The technological revolution is remarkably transforming society. From the way we communicate, socialize, shop to the way we learn and work. These changes, which have been accentuated by the COVID-19 pandemic, deeply impact the world of work. With opportunities also come challenges like the imperative to leave no one behind in the digitalization process, including the more than one billion persons with disabilities across the globe.
Due to the ever-increasing importance of rapidly evolving digital technologies, the ILO Global Business and Disability Network) and Fundación ONCE, as partners of the initiative Disability Hub Europe, addressed the topic in the recently launched publication “An inclusive digital economy for people with disabilities”.
This report describes the impacts of the digital revolution in the world of work, which can be synthesized as the creation of new jobs, obsolete occupations, changes in traditional jobs and recruitment processes, and disruptive forms of work.
This new world of work brings unprecedented opportunities but also many digital barriers to people with disabilities.
It is estimated that there are more than 200 million young people with disabilities worldwide, with about 80% of them live in developing countries. The number of youth with disabilities is likely to increase due to youthful age-structures in most developing countries and medical advancements that promote higher survival rates and life expectancy after impairment-causing diseases, health conditions, and injuries.
People with disabilities generally experience lower levels of education and training than people without disabilities. In 2018, 29.4% of persons with disabilities (aged 30 to 34) received tertiary education vs. 43.8% of people without disabilities. People with disabilities also experience lower employment rates. In 2018, the employment rate for people with disabilities (aged 20 to 64) was 50.8% vs. 75% for people without disabilities.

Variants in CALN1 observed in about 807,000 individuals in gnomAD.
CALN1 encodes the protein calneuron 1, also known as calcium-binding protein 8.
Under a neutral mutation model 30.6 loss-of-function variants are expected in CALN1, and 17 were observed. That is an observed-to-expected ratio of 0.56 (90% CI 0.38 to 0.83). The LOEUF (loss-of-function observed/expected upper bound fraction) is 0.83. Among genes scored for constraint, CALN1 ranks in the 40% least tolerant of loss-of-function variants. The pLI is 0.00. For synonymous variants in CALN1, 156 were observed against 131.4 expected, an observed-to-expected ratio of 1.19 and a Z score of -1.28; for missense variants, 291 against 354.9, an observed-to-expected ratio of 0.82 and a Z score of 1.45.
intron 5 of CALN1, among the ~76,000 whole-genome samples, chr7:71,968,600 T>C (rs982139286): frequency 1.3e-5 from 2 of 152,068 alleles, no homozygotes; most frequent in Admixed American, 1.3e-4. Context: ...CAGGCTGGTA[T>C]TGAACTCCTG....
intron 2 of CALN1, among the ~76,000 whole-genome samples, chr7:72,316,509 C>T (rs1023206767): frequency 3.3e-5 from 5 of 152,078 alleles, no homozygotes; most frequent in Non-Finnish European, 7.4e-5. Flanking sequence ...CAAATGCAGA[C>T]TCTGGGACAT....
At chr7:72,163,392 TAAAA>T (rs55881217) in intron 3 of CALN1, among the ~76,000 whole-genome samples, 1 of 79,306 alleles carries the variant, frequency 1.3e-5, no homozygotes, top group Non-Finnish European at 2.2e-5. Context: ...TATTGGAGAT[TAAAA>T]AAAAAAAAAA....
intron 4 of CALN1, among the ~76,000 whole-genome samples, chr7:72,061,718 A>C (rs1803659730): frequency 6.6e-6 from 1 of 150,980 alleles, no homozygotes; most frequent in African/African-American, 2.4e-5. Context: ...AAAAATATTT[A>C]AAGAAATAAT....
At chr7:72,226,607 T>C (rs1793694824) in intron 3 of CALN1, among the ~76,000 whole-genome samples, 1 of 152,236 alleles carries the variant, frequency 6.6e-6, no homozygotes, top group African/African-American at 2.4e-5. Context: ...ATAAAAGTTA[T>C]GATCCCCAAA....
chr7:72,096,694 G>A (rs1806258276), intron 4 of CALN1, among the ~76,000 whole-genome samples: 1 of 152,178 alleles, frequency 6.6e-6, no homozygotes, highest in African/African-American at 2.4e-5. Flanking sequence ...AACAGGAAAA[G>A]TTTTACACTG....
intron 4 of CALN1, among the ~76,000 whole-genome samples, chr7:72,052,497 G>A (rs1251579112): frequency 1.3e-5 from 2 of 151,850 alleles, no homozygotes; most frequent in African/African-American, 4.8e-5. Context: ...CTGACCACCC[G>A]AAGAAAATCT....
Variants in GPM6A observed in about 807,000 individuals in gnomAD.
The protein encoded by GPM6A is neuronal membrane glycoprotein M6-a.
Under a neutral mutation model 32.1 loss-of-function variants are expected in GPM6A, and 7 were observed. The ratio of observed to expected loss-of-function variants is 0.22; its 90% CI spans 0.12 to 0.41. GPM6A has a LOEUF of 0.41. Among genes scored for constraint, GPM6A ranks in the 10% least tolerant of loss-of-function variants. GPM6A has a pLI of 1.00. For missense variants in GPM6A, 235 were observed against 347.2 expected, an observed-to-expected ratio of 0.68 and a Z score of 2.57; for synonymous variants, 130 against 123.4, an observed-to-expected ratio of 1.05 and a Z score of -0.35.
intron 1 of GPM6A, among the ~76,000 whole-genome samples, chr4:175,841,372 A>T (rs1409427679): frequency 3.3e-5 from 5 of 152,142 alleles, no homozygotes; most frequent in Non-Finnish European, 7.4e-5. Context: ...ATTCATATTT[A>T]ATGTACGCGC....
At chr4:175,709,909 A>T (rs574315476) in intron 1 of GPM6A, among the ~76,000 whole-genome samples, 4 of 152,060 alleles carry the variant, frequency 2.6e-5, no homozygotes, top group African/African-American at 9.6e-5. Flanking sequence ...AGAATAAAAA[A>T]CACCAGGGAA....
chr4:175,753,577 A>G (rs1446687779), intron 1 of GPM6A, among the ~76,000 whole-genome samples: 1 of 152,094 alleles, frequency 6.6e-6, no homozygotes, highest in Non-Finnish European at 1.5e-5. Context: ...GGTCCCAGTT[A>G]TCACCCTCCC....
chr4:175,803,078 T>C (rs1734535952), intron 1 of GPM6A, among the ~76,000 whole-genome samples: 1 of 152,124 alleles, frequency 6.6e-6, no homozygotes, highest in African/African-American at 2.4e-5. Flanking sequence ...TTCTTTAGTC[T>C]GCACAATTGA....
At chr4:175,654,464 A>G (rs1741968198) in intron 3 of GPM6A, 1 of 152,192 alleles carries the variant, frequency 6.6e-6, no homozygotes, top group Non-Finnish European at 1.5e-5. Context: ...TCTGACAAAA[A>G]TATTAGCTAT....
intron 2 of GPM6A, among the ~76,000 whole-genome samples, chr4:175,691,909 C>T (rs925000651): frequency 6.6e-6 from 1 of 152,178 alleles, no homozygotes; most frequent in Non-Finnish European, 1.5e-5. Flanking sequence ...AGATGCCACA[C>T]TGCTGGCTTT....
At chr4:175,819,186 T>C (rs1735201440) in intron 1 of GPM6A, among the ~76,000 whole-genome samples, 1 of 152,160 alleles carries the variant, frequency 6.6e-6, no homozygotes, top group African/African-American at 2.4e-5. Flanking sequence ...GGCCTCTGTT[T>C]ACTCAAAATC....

To attain the Sustainable Development Goals of the 2030 Agenda and avoid deepening existing gaps and inequalities, digitalization needs to be a lever for inclusion, especially for young persons with disabilities who are seeking to enter the world of work. Policies and practices relating to the digital economy need to be inclusive of persons with disabilities. Key among them are the following issues:
Digital platforms and their contents, including those used for online recruitment, need to be accessible, so users with disabilities don’t encounter barriers in accessing communication and information. Guidance on how to create and maintain accessible websites has been developed by the World Wide Web Consortium in form of the Web Content Accessibility Guidelines 2.1. Further, we need to ensure persons with disabilities can access and use digital tools on an equal basis with people without disabilities. For instance, software used to convene virtual meetings at work need to be able to provide live captioning for users with hearing impairments. If digital tools are not accessible, people with disabilities will encounter barriers at every step of the employment cycle: from acquiring skills, finding job opportunities, applying for a job, participating in the selection process to performing the work tasks required. Many digital tools remain inaccessible and unusable for workers with disabilities, so it is imperative that mainstream digital solutions take the needs of users with disabilities into account. One way of doing so is involving users with disabilities in the development of services and products from the early design stage. Companies’ research and development departments might rely on their Employee Resource Groups (ERGs) that focus on disability issues.